Separation From Contacts Outside the Group

Scientologists may freely interact with non-Scientologists, with the exception of "suppressive persons" or SPs, which are people who have been deemed by the Church to impede the progress of Scientologists. Scientologists are highly encouraged to "disconnect" from SPs and may be banned from church activities if they continue contact. SPs may include friends and family.

There are some reports that family members lose all contact with new Scientology recruits. People who leave Scientology do become SPs, and any family members or friends still in the church are forbidden from contacting them. Former Sea Org employee Chris Collbrans said when she and her husband wanted to leave, the church separated the couple, took their passports, and intercepted their letters.

Polarized Worldview

The church is highly aware of groups that are working against them, and they also tend to label groups with which they highly disagree (including the entire psychiatry profession) as working actively against the church, Scientology, and even humanity in general. As such, they certainly do not consider all non-Scientologists to be hostile to them, but they consider themselves part of an epic battle against specific dark forces.

Living in Communal Isolation

Scientologists live in a variety of living arrangements. Many live normal lives in homes or apartments with their families. However, there are groups within Scientology (notably Sea Org) that tend to have at least semi-communal arrangements in which families may be separated. There are many accusations from former members that such arrangements could be very isolating.

According to both the church and its former members, the Sea Org community travels the World aboard Free Wind, its employees dedicated to spreading the doctrine of Scientology. The church says it is a religious order with a demanding lifestyle: Former employees report they work long hours, are paid very little, and are discouraged from having families.

Large Required Donations

The church offers a wide variety of services to its membership that cost hundreds or even thousands of dollars. Members are encouraged to make use of such services since they are a primary way of achieving the goals of Scientology. There is a wide degree of debate as to how much actual pressure is applied to members to purchase these services, although there are multiple documented cases of Scientologists citing financial pressures as reasons for wanting to leave or for thoughts of suicide.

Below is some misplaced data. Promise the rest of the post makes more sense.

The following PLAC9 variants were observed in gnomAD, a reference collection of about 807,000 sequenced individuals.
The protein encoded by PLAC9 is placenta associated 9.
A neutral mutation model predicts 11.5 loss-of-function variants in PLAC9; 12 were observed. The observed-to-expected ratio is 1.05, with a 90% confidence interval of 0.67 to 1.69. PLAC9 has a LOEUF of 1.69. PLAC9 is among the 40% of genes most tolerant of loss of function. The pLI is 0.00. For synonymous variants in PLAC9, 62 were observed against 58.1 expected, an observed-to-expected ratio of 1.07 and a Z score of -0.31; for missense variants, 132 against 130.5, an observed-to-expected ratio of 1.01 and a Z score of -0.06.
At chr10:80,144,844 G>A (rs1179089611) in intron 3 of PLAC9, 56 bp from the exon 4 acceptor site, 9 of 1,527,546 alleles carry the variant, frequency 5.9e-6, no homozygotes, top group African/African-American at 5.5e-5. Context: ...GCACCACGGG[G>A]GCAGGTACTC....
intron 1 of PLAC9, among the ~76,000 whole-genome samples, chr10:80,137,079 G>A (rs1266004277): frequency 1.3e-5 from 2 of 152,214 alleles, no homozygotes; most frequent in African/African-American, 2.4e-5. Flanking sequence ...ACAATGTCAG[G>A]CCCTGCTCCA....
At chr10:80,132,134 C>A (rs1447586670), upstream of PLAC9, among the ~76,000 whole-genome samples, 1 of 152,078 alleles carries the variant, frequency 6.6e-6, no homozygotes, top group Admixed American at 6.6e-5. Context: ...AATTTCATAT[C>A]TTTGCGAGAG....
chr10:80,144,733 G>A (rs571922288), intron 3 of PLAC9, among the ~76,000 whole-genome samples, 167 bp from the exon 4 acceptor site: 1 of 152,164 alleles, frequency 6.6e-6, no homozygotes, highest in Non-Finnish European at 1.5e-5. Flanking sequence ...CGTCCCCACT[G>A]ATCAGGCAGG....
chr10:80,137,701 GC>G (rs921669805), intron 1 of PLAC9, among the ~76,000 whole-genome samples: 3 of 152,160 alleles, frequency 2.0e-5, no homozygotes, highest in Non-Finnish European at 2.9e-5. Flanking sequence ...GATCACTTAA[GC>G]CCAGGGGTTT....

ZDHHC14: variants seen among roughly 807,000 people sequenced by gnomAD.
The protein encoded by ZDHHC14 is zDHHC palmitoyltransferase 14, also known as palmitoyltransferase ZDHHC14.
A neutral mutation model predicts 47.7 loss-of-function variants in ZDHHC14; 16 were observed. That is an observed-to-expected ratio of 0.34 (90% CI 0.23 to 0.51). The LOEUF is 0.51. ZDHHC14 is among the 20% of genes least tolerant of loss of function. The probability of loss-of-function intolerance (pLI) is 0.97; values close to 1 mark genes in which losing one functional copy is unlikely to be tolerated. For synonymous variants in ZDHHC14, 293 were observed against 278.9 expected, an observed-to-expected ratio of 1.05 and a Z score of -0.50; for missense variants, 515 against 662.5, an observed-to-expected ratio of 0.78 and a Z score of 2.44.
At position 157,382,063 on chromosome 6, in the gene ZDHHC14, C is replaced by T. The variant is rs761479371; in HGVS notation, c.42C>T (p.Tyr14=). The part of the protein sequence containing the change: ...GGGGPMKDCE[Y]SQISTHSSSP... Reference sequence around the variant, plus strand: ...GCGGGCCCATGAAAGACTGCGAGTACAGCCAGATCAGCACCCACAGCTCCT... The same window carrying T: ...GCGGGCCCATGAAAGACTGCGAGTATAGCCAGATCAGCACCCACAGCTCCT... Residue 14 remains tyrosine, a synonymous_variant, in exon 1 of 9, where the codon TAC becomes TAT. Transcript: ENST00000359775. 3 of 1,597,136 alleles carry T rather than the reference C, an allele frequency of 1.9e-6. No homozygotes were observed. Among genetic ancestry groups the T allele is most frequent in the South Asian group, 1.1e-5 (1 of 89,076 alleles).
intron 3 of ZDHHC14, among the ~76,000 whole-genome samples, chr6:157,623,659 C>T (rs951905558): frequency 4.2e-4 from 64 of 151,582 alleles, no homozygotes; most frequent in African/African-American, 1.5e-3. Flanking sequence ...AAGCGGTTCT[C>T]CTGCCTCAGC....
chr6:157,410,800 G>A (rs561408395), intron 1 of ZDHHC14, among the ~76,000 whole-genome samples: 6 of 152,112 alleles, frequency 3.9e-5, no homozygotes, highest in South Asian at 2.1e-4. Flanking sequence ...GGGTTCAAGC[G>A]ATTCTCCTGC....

Former Sea Org member Marc Headley says he was paid an average of 39 cents an hour over 15 years, and others have said the same in that they work very hard and are paid very little. The money gathered from donations has allowed the church to build or renovate opulent churches called Ideal Orgs, in Rome, Malmo (Sweden), Milan, Dallas, Nashville, and Washington. There are over 50 hotels and office buildings on the gulf coast of Florida and a 380,000 square foot facility that looks like a convention center.

Holdings for Scientology are estimated at $11 billion.

Conformity: Subjection of Individual Desires and Thoughts

The main goal of Scientology is to better your own individual soul, so the needs of individuals is very much a focus in Scientology practices. However, critics are quickly labeled as suppressive persons, which enforces conformity.

Former Scientology official Mark Rinder reports that in his role he often coerced adherents into staying silent or with the church using blackmail. Members are "audited," a confession of all their secret fears and sins that is videotaped and used for this purpose.

Punishment for Defection or Criticism

Defection and criticism can lead to one being labeled a suppressive person from whom other members should disconnect. SPs can become targets of harassment through the church's "fair game" doctrine. Established by L. Ron Hubbard in the 1950s, the "fair game" doctrine states that anyone identified as an opponent may be deprived of property or injured by any means by any Scientologist without any discipline of the Scientologist.

Scientology has sued several of its former members; defectors are shunned or "disconnected." According to the church and former members, leaving is a lengthy process that can take months. The church requires that the leaving members pay "freeloader" bills—former members report bills of tens of thousands of dollars—and sign affidavits which are drawn up by the officials. 

Mark Rinder reports that one of his main jobs was to discredit and destroy critics, including journalists and former members. Methods include labeling the enemy as a "suppressive person," cutting all contact and "disconnected," and filing lawsuits.

In the 1990s, Scientology filed very large lawsuits against Time and The Washington Post. The Time lawsuit was for a 1991 article they wrote called "Scientology: The Cult of Greed," and although the case was dismissed, Time-Warner paid an estimated $3.7 million in legal fees.

Group Is Small and Contained

Independent estimates put current membership of the church at roughly 55,000 people, which is far larger than the traditional cult, typically limited to dozens or hundreds of members.

Reports of the size of the church within and without the organization are varied. Church spokesman Derek Davis says it has anywhere from 8 to 12 million people in 11,000 churches, missions, and affiliated groups in 167 countries. The American Religious Identification Survey found only 25,000 in the U.S. in 2008.